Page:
Russian art historian Ekaterina Degot is disturbed by current events in her home country. A recent increase in patriotism and anti-Western sentiment are bad news for the arts sector, she warns in an interview with DW.
DW: How would you describe the current state of the cultural sector in Russia?
Ekaterina Degot: The situation is literally changing every minute. A month ago, or even one week ago, I wouldn't have told you what I'll say to you now. That is, we are rapidly approaching a situation where the cultural sector in Russia is going to need help. Independent-minded people urgently need support. What we're experiencing at the moment can be compared to the Iranian Revolution - there we saw a catastrophic fundamentalism and clericalization of knowledge as well as culture.
Your colleague, art historian Grigory Revzin, was recently fired as commissioner of the Russian pavilion at the Venice Biennale. He is known for being a critical thinker. Is his dismissal a sign?
It is most definitely a sign. We thought the world of contemporary art wouldn't be targeted by the state ideologues, because it's too elitist and receives such a small amount of funding. We were sure the days when the KGB (Eds: Soviet intelligence service during the Cold War) was interested in small, underground exhibitions were long gone. I've even written that myself, but I was wrong. Ideological censorship is happening, and Revzin's dismissal is proof of that.
Grigory Revzin has spoken about a "purge" taking place in culture. Do you agree?
I believe our cultural institutions are moving towards greater patriotism. In Russia, patriotism essentially means taking an anti-Western stance. An interesting observation is the significance of the Russian avant-garde in this context - people like Kasimir Malevich. His art is interpreted as patriotic and anti-Western, and in the museums they say, "Since we can't do anything else, let's exhibit Malevich."
The international contemporary art exhibition, "Manifesta," curated by Kasper König, will take place in St. Petersburg starting in June. Some artists have called for a boycott of the exhibition in the "Putin state." What do you think about that?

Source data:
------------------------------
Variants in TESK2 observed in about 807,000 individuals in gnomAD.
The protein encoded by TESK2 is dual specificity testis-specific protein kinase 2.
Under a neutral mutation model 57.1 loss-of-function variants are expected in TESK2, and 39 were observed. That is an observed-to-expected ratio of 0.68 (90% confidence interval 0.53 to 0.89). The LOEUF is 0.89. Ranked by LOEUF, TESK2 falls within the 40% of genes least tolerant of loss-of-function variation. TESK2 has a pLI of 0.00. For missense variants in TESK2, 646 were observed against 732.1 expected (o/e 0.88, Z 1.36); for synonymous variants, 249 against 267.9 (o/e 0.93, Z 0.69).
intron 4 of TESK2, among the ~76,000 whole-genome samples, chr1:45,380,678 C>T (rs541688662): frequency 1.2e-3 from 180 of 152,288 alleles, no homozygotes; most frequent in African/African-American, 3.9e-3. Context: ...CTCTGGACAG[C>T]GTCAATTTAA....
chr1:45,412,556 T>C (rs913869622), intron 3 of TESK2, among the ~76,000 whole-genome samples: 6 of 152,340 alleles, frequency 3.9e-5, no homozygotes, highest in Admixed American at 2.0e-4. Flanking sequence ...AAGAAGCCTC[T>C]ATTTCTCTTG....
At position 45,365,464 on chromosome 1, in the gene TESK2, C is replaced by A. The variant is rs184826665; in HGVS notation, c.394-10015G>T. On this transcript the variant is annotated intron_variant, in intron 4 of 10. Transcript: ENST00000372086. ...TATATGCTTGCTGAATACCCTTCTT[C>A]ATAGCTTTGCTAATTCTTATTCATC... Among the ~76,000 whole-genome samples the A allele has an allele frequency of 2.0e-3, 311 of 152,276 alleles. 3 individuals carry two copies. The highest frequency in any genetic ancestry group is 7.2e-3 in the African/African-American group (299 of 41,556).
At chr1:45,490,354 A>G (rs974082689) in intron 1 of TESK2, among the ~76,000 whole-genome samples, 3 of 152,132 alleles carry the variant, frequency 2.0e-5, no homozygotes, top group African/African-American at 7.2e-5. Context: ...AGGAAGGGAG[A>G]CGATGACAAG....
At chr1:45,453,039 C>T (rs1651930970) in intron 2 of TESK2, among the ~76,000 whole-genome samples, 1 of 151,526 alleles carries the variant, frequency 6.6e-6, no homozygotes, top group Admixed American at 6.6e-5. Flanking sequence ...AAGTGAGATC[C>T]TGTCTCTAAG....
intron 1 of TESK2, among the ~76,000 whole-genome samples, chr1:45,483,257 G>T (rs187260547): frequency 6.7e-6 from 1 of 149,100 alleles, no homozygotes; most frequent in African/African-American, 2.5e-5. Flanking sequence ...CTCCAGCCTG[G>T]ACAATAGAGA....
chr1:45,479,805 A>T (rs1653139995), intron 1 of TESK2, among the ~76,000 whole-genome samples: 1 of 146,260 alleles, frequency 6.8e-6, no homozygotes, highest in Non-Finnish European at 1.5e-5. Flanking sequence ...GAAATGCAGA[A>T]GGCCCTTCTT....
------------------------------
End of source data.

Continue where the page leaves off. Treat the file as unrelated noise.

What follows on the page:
A boycott would only make sense if it could make an actual difference. Perhaps a boycott of the Olympics in Sochi could have made a difference, because it was a very important international event and generated broad public interest. But "Manifesta" is a much smaller event and it's not going to matter to Putin and his supporters whether it takes place or not. They would probably be glad if it didn't take place. But I'm convinced that artists need to come to "Manifesta" and present their work there, because art is critical by nature.
Russia is currently going downhill; it's like a submarine that can only send individual signals to the outside world."Manifesta" is one way to send a signal. Very soon there might not be any more of these kinds of opportunities.
More than 500 cultural sector workers, including some prominent artists, have signed an open letter in support of Putin's policies.
Yes, some in the cultural sector agree with his criticisms of the West, including me. I am in complete agreement with Vladimir Putin when he says, "The West hasn't accepted Russia as an equal partner," or "The West doesn't listen to Russia." But Putin is coming up with the wrong answers to the right questions. I was astonished to find that many of my Western friends see Putin as "the only one who can take on American imperialism." To people here in the West, I'd like to say that what is happening in Russia right now is a fascist, fundamentalist coup on every level.
Originally from Moscow, Ekaterina Degot has been the artistic director of the Academy of Arts of the World in Cologne since March 2014. Her work focuses on the aesthetic and sociopolitical issues in Russia and Eastern Europe, predominantly in the post-Soviet era. Censorship in the arts and the conditions of intellectual and artistic creativity are among her main subjects.